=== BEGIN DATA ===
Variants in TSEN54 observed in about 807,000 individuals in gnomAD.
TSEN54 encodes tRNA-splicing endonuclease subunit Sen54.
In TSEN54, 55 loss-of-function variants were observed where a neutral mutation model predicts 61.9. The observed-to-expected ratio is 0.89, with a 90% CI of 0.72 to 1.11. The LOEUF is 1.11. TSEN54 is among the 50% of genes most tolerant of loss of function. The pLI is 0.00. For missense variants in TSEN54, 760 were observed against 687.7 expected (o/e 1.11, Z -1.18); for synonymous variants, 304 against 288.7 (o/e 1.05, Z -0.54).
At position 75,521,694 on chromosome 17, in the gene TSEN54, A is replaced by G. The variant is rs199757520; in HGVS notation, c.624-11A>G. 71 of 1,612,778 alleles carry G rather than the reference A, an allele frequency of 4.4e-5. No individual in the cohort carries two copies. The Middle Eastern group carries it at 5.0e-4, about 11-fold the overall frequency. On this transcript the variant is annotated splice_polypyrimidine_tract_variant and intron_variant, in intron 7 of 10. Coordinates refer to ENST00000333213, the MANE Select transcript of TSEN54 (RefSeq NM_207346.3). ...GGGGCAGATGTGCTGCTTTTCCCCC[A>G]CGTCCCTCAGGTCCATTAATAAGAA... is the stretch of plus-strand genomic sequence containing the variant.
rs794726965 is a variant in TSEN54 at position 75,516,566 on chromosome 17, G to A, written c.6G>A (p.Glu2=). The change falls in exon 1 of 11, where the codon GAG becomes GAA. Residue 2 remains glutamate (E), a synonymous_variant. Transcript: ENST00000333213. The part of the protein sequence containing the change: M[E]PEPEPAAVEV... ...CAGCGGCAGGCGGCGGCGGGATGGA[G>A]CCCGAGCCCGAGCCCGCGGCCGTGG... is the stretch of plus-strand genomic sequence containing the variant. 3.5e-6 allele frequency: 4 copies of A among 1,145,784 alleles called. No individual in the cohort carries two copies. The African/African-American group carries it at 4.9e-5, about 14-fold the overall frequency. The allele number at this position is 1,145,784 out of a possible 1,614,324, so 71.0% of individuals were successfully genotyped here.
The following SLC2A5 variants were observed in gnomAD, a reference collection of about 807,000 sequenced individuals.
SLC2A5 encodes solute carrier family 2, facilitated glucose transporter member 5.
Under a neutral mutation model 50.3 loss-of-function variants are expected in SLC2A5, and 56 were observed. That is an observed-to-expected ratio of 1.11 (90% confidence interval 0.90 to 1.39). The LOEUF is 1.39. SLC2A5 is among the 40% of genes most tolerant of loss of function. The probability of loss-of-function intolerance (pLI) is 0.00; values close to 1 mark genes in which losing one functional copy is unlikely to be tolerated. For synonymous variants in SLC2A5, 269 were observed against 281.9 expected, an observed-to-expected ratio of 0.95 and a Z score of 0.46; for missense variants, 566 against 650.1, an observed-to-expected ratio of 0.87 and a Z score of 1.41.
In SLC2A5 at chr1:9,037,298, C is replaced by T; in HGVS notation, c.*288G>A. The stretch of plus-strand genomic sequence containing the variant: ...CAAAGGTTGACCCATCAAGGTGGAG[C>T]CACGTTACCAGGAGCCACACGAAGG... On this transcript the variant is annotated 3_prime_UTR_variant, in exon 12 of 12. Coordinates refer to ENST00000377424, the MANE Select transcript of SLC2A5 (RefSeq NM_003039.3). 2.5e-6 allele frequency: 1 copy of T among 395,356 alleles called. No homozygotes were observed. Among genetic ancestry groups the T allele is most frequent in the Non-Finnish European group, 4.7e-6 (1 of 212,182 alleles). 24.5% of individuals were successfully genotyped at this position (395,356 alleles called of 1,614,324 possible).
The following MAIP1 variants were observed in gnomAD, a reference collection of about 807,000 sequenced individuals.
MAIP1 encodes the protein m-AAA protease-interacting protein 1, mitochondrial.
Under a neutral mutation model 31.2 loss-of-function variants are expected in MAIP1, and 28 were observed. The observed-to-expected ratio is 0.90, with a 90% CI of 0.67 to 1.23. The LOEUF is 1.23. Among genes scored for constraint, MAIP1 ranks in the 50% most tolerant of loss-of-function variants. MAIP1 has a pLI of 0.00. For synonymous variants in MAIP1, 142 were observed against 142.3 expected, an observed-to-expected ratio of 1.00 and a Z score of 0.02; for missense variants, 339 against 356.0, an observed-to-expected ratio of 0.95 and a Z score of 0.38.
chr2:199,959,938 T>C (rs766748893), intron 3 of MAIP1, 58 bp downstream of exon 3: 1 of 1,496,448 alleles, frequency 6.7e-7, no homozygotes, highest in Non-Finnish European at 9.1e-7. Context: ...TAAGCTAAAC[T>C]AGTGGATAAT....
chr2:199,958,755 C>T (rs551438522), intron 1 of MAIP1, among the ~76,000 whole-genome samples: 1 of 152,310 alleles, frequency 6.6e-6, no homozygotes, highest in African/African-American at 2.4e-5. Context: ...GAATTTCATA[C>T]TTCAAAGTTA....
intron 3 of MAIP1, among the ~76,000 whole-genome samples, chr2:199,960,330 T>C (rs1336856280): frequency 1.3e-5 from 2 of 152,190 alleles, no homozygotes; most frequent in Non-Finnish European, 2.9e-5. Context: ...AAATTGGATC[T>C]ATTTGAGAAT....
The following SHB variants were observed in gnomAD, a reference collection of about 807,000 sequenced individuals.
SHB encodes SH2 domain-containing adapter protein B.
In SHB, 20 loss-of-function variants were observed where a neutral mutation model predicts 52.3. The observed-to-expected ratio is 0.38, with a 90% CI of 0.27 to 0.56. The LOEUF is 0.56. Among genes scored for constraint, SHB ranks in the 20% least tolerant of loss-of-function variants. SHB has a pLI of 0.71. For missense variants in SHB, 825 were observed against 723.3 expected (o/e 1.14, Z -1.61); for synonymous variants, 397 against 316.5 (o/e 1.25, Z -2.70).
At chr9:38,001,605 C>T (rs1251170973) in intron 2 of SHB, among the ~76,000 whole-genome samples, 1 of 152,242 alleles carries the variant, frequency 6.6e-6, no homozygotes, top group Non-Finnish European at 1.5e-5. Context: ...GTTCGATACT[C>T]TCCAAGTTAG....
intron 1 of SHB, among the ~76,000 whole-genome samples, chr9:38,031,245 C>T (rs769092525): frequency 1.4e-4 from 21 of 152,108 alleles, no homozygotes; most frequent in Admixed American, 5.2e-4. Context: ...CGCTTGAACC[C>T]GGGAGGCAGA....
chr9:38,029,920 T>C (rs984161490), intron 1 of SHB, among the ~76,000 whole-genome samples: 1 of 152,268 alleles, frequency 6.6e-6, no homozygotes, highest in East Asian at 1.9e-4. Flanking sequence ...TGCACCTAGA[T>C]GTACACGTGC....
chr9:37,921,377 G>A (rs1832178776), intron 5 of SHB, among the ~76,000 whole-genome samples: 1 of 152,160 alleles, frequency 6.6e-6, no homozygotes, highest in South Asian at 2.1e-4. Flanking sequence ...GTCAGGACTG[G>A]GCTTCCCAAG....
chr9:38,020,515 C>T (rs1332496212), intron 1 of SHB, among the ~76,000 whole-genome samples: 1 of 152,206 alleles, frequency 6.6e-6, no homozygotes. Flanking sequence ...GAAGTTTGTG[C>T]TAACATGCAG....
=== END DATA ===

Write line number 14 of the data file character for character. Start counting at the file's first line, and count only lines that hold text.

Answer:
chr2:199,958,755 C>T (rs551438522), intron 1 of MAIP1, among the ~76,000 whole-genome samples: 1 of 152,310 alleles, frequency 6.6e-6, no homozygotes, highest in African/African-American at 2.4e-5. Context: ...GAATTTCATA[C>T]TTCAAAGTTA....